Middle Ear Infection
(Acute Otitis; Ear Infection, Middle; Otitis Media)En Espańol (Spanish Version)
More InDepth Information on This Condition
Definition | Causes | Risk Factors | Symptoms | Diagnosis | Treatment | Prevention
With this condition, the middle ear becomes infected and inflamed. The middle ear is located behind the eardrum.
The Middle Ear
Bacteria and viruses cause this condition, such as:
- Streptococcus pneumoniae (most common)
- Haemophilus influenzae
- Moraxella (Branhamella) catarrhalis
- Streptococcus pyogenes (less common)
These factors increase your chance of developing middle ear infection:
- Recent viral infection (eg, cold)
- Recent sinusitis
- Age: babies and toddlers
- Season: winter
- Attendance at day care
- Babies who are formula-fed
- Medical conditions that cause abnormalities of the eustachian tubes, such as:
- History of allergies (environmental allergies, food [milk] allergies)
- Gastroesophageal reflux disease (GERD)
- Babies whose mothers drank alcohol while pregnant
- Exposure to second hand smoke, usually cigarette smoke, but also from cooking and wood-heating
Tell your doctor if you have any of these risk factors.
- Ear pain (babies may tug or rub at the ear or face)
- Hearing loss (may be only temporary, due to fluid accumulation)
- Decreased appetite, difficulty feeding
- Disturbed sleep
- Drainage from ear
- Difficulty with balance
The doctor will ask about symptoms and medical history, and perform a physical exam. Most middle ear infections can be diagnosed by looking into the ear with a lighted instrument, called an otoscope.
The doctor will see if there is fluid or pus behind the eardrum. A small tube and bulb may be attached to the otoscope. This is to blow a light puff of air into the ear. The puff helps the doctor see if the eardrum is moving normally.
Other tests may include:
- Tympanocentesis—used to drain fluid or pus from the middle ear using a needle, also used to check for bacteria
- Tympanometry—measures pressure in the middle ear and responsiveness of the eardrum, also used to check for fluid or pus
- Hearing test —may be done if you have had many ear infections
Antibiotics are commonly used to treat ear infections. Examples include:
- Amoxicillin (Amoxil, Polymox)
- Clavulanate (Augmentin)
- Cephalosporins ( cefprozil , cefdinir , cefpodoxime , ceftriaxone )
- Sulfa drugs (eg, Septra, Bactrim, Pediazole)
Since bacteria develop a resistance to antibiotics, doctors may take a "wait and see" approach. In some cases, your doctor may prescribe an antibiotic for your child and ask you to use the medication if the pain or fever lasts for a certain number of days. This approach has been effective.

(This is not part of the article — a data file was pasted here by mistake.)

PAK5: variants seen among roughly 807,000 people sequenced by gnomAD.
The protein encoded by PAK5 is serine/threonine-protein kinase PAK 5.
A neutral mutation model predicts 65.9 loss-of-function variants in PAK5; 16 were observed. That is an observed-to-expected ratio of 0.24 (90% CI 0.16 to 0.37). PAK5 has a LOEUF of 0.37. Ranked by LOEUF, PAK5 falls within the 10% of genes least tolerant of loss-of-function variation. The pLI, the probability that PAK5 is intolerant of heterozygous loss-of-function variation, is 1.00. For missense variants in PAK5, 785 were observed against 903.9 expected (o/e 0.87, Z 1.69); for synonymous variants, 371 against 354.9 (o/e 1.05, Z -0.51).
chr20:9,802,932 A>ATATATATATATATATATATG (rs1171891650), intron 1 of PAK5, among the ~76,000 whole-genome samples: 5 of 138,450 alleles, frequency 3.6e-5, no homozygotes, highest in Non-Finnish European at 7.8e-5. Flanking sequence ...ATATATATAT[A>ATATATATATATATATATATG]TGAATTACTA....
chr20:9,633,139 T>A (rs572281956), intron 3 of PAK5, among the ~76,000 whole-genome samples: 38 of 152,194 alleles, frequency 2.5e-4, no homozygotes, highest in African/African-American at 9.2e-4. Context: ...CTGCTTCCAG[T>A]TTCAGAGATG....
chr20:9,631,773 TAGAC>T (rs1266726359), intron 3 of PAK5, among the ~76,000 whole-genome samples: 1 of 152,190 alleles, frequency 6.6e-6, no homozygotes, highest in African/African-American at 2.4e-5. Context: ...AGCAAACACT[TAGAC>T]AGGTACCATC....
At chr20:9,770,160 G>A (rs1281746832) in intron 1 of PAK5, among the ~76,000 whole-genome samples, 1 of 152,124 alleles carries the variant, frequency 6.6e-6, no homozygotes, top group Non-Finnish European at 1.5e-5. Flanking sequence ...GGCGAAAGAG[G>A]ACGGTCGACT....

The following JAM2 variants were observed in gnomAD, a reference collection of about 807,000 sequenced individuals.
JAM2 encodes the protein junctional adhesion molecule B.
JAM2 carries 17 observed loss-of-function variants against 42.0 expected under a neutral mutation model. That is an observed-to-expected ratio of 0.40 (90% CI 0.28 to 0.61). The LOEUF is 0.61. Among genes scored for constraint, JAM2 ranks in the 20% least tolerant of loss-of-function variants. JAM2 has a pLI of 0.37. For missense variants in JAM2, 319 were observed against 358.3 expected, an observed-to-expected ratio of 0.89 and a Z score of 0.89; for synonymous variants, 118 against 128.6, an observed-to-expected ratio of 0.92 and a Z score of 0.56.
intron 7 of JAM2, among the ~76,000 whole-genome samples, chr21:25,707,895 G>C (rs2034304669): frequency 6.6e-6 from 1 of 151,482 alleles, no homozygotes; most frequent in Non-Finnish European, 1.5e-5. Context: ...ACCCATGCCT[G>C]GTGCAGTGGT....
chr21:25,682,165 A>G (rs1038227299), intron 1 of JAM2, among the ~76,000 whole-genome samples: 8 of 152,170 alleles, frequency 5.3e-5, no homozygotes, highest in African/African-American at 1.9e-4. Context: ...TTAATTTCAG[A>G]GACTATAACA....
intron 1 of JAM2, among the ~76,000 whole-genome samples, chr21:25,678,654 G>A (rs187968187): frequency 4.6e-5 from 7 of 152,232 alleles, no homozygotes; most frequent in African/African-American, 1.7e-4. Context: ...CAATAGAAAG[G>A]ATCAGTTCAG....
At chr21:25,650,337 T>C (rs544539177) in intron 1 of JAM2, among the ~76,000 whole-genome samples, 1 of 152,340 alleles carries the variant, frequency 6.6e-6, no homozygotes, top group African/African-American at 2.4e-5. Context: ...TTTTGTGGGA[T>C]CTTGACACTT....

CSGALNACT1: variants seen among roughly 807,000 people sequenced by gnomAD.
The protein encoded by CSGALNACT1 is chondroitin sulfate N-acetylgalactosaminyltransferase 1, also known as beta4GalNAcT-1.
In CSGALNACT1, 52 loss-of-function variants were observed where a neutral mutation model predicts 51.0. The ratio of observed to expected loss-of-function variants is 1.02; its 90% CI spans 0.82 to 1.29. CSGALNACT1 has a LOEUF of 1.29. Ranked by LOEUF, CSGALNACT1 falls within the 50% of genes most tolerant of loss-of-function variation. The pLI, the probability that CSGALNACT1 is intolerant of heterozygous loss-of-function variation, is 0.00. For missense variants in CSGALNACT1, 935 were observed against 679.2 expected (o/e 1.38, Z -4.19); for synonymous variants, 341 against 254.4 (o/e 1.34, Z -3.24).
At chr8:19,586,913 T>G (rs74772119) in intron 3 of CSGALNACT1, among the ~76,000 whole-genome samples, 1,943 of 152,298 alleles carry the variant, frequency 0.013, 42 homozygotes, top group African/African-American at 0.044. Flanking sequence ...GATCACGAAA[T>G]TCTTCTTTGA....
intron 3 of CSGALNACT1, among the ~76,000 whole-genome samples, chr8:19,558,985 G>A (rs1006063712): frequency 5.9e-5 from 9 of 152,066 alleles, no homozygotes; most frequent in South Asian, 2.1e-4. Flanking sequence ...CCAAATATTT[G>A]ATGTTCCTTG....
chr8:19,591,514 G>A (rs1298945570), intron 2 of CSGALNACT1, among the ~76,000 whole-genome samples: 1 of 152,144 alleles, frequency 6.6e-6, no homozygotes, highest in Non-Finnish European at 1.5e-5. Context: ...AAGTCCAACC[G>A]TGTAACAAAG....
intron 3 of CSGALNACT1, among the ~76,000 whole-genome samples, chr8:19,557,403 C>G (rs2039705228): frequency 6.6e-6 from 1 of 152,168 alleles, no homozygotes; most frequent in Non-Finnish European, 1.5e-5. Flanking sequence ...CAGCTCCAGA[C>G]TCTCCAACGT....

While antibiotics may be effective, it is also important to keep in mind these medicines can cause a number of side effects. Nausea, stomach pain, and diarrhea are common. Also, a person may have an allergic reaction to the antibiotic. It is important to discuss the risks and benefits of taking antibiotics with your doctor.
A virus causes some ear infections. This type will not go away faster with antibiotics. Most middle ear infections (including bacterial ones) tend to improve on their own in 2-3 days.
Pain relievers can help reduce pain, fever, and irritability. These include:
- Note: Aspirin is not recommended for children or teens with a current or recent viral infection. This is because of the risk of Reye's syndrome. Ask your doctor which other medicines are safe for your child.
Decongestants and antihistamines are not recommended to treat an ear infection.
In children, ear drops that have a local anaesthetic (eg, ametocaine, benzocaine , or lidocaine) can help decrease pain, especially when the drops are used with oral pain relievers. If there is a chance that the eardrum has ruptured, do not use ear drops.
Myringotomy is surgery done to open the eardrum. A tiny cut is made in the eardrum to drain fluid and pus.
If you are diagnosed with an ear infection, follow your doctor's instructions .
To reduce the chance of getting an ear infection:
- Avoid exposure to smoke.
- Breastfeed your baby for at least the first six months.
- Try to avoid giving your baby a pacifier.
- If you bottle-feed, keep your baby's head propped up as much as possible. Don't leave a bottle in the crib with your baby.
- Get tested for allergies.
- Treat related conditions, such as GERD.
- Practice good hand washing.
- Make sure your child's vaccinations are up to date. The pneumococcal vaccine can prevent middle ear infections.
- Consider getting a flu vaccine.
- If your child has a history of ear infections, talk to the doctor about long-term antibiotic use. This is used in some cases.
- Ask your doctor about tympanostomy tubes. These tubes help equalize pressure behind the eardrum.
- Xylitol is a natural sugar that is used as a sweetener in gum, candy, and other types of food. Eating food with xylitol on a regular basis may help to reduce your risk of ear infections.
American Academy of Otolaryngology, Head and Neck Surgery
National Institute on Deafness and Other Communication Disorders
Caring for Kids
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Last reviewed September 2012 by Kari Kassir, MD
Please be aware that this information is provided to supplement the care provided by your physician. It is neither intended nor implied to be a substitute for professional medical advice. CALL YOUR HEALTHCARE PROVIDER IMMEDIATELY IF YOU THINK YOU MAY HAVE A MEDICAL EMERGENCY. Always seek the advice of your physician or other qualified health provider prior to starting any new treatment or with any questions you may have regarding a medical condition.